Facebook adds publishers’ logos to links in search results, trending lists

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Realizing that people don’t always recognize the publication behind an article they find on Facebook, the social network is rolling out a way for publishers to attach their brand logos to article links appearing in Facebook’s search results and trending news lists, the company announced on Tuesday.

The change is strictly cosmetic: Publishers’ logos will replace their names beneath article headlines, as you can see below.

Facebook adds publisher logos to article links in search results (left) and trending news lists. Source: Facebook.

Facebook’s hope appears to be that people will become more aware of their news sources on Facebook and less likely to fall for fake news from reputable-sounding news outlets.

“By surfacing publisher logos next to article links, we want to make it easier for publishers to extend their brand identity on Facebook — to enhance people’s awareness of the source of content they see on Facebook, so they can better decide what to read and share,” said Facebook product manager Andrew Anker in a company blog post.

It’s noteworthy that Facebook has opted not to have the logos show up on article links appearing where people are most likely to see them: their news feeds. Maybe that will soon change. “The eventual goal is to extend these to all places where people consume news on our platform,” Anker wrote.

To affix a logo to article links, publishers must upload their marks through their Facebook Pages’ Brand Asset Library, which can be found in the Publishing Tools section. Facebook advises publishers to upload three versions of their logos — a colored one, a black one and a white one — so that they can be properly rendered regardless of the background.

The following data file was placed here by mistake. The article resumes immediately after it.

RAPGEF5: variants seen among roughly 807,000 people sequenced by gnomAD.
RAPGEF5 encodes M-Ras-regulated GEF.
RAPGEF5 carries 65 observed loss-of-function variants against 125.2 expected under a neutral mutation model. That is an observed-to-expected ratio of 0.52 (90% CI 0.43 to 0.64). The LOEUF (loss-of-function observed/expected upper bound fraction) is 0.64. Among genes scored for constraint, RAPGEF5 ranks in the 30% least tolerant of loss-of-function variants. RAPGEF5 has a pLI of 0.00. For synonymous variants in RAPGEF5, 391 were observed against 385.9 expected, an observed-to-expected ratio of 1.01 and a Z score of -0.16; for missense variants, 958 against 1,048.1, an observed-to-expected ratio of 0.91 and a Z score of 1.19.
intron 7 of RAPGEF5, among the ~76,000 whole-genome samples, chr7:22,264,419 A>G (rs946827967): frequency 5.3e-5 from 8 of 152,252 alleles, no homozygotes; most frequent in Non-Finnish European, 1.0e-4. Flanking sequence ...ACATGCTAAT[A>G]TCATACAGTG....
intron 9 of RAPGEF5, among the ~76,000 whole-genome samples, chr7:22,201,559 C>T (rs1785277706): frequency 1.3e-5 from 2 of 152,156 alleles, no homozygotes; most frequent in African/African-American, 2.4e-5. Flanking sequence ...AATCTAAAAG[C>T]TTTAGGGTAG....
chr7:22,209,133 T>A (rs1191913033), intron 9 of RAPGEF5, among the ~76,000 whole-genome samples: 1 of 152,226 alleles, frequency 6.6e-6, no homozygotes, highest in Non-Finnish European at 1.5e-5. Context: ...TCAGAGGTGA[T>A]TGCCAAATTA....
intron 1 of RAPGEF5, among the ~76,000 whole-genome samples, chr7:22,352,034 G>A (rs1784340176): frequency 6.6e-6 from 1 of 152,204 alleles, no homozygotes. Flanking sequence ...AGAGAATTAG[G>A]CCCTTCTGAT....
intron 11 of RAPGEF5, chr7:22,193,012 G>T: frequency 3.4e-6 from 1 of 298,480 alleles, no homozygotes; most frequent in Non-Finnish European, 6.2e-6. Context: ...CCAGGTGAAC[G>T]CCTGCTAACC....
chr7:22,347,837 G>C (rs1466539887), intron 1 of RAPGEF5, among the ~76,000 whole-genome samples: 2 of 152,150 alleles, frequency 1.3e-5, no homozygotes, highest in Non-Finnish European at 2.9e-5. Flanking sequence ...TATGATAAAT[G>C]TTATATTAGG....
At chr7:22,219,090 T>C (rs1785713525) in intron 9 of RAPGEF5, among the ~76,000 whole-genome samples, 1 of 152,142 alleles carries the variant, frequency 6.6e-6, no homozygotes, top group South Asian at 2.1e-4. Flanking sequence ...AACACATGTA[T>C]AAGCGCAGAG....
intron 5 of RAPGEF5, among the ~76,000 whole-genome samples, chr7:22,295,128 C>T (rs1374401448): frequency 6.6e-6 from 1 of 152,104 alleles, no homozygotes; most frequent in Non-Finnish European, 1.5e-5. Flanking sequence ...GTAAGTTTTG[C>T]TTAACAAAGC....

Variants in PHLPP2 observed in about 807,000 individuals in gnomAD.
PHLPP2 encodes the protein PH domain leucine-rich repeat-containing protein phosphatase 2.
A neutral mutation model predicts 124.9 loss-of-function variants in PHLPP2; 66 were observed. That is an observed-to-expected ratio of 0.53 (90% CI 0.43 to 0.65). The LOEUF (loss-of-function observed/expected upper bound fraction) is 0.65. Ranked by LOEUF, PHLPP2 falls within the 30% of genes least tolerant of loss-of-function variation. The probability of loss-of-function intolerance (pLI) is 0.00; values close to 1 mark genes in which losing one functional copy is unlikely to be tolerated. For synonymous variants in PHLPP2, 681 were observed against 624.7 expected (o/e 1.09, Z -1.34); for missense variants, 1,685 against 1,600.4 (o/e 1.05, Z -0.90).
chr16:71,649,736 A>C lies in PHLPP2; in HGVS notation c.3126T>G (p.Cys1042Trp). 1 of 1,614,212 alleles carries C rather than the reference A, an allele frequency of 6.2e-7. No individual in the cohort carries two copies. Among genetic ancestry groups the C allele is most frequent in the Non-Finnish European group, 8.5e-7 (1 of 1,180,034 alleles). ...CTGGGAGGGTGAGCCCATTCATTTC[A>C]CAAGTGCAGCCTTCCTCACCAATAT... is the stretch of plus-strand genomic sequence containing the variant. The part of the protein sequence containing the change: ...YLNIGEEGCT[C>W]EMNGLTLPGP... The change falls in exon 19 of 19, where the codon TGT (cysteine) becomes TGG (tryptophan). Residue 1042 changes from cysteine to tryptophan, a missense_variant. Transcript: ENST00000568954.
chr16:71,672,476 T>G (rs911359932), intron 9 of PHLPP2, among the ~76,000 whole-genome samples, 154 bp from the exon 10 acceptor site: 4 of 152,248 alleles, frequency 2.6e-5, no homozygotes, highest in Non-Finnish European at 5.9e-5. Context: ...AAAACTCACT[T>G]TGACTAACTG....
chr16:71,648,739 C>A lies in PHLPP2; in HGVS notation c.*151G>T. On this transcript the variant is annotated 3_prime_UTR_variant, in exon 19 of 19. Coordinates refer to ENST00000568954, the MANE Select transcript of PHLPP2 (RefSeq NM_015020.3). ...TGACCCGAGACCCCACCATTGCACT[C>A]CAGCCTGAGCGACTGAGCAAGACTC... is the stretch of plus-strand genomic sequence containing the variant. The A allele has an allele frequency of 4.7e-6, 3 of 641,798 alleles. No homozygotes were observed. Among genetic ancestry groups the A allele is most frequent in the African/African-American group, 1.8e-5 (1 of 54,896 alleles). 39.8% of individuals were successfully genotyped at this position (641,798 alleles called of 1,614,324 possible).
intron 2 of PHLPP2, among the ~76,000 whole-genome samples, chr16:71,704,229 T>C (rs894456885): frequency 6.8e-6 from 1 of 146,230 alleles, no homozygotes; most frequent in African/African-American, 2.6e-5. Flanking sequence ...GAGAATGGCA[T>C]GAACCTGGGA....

About The Author

Tim Peterson, Third Door Media’s Social Media Reporter, has been covering the digital marketing industry since 2011. He has reported for Advertising Age, Adweek and Direct Marketing News. A born-and-raised Angeleno who graduated from New York University, he currently lives in Los Angeles. He has broken stories on Snapchat’s ad plans, Hulu founding CEO Jason Kilar’s attempt to take on YouTube and the assemblage of Amazon’s ad-tech stack; analyzed YouTube’s programming strategy, Facebook’s ad-tech ambitions and ad blocking’s rise; and documented digital video’s biggest annual event VidCon, BuzzFeed’s branded video production process and Snapchat Discover’s ad load six months after launch. He has also developed tools to monitor brands’ early adoption of live-streaming apps, compare Yahoo’s and Google’s search designs and examine the NFL’s YouTube and Facebook video strategies.


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